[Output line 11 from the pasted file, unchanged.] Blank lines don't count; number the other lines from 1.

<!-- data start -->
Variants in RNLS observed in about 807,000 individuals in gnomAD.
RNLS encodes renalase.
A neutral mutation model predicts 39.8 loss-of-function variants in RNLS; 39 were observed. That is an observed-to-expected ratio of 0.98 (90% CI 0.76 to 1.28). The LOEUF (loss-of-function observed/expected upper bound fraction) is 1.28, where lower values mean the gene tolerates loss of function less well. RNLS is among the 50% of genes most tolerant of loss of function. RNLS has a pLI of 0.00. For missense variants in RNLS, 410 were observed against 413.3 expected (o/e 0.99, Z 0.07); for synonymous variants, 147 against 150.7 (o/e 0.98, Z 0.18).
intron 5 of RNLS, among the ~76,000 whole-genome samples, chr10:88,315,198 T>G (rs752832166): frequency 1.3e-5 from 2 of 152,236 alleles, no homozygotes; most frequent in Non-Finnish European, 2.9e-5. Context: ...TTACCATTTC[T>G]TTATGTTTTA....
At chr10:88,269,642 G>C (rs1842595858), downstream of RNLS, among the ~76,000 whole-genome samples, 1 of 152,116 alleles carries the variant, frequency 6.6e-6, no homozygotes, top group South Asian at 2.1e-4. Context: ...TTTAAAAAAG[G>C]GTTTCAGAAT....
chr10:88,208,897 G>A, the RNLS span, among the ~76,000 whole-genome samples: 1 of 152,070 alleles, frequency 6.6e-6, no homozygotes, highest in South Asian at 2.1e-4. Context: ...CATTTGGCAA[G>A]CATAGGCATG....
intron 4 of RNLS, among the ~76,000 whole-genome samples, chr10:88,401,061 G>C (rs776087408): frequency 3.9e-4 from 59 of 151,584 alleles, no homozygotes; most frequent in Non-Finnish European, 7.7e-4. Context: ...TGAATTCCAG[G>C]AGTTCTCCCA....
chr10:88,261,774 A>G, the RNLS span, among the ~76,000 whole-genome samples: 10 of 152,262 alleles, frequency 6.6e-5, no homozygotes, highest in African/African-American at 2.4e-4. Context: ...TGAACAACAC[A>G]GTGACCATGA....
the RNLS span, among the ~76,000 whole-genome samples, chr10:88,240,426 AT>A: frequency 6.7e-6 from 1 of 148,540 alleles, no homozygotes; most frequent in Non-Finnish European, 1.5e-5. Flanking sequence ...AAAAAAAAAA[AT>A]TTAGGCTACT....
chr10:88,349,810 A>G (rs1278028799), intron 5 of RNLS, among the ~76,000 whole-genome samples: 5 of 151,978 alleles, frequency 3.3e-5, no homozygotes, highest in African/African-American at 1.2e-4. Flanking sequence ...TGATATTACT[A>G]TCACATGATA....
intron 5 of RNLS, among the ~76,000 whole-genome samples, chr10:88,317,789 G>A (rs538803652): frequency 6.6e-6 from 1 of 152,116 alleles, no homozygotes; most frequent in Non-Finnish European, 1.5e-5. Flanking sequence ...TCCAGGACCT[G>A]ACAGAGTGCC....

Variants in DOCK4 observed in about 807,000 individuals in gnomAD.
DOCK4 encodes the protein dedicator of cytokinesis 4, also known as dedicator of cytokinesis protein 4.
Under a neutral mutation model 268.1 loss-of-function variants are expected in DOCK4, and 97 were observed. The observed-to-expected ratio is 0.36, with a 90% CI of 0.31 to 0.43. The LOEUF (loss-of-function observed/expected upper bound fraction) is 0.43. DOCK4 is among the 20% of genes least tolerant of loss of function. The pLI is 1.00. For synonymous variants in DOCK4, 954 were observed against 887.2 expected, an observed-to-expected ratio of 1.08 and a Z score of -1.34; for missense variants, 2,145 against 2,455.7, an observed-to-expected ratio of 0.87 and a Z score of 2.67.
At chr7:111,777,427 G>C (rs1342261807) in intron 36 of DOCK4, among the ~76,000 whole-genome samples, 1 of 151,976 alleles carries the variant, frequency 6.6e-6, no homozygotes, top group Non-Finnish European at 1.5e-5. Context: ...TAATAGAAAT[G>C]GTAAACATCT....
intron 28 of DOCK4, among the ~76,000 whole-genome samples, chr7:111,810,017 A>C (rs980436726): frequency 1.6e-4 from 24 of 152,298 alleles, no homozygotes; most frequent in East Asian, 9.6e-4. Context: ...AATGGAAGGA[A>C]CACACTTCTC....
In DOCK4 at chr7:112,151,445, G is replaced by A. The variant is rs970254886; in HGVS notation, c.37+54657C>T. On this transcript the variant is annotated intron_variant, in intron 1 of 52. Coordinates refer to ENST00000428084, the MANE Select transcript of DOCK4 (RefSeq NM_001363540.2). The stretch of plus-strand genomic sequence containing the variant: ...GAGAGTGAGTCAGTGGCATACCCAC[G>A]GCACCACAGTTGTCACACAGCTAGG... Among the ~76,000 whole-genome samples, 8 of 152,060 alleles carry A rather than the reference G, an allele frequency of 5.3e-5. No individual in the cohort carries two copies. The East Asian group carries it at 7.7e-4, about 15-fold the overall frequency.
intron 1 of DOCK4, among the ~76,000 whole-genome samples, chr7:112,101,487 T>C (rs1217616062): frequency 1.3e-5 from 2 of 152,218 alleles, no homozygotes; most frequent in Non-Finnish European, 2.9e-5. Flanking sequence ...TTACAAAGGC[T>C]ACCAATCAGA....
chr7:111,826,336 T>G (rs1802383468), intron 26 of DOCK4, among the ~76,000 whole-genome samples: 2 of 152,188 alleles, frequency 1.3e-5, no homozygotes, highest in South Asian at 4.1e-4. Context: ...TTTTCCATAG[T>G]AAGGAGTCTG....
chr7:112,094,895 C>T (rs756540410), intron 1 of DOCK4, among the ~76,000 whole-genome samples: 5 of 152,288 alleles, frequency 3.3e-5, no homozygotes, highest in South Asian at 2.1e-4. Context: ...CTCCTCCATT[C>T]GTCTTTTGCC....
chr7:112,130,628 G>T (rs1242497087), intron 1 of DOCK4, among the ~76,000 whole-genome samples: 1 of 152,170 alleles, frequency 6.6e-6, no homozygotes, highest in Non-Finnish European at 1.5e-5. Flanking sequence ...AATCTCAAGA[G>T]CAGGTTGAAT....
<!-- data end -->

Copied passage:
intron 5 of RNLS, among the ~76,000 whole-genome samples, chr10:88,317,789 G>A (rs538803652): frequency 6.6e-6 from 1 of 152,116 alleles, no homozygotes; most frequent in Non-Finnish European, 1.5e-5. Flanking sequence ...TCCAGGACCT[G>A]ACAGAGTGCC....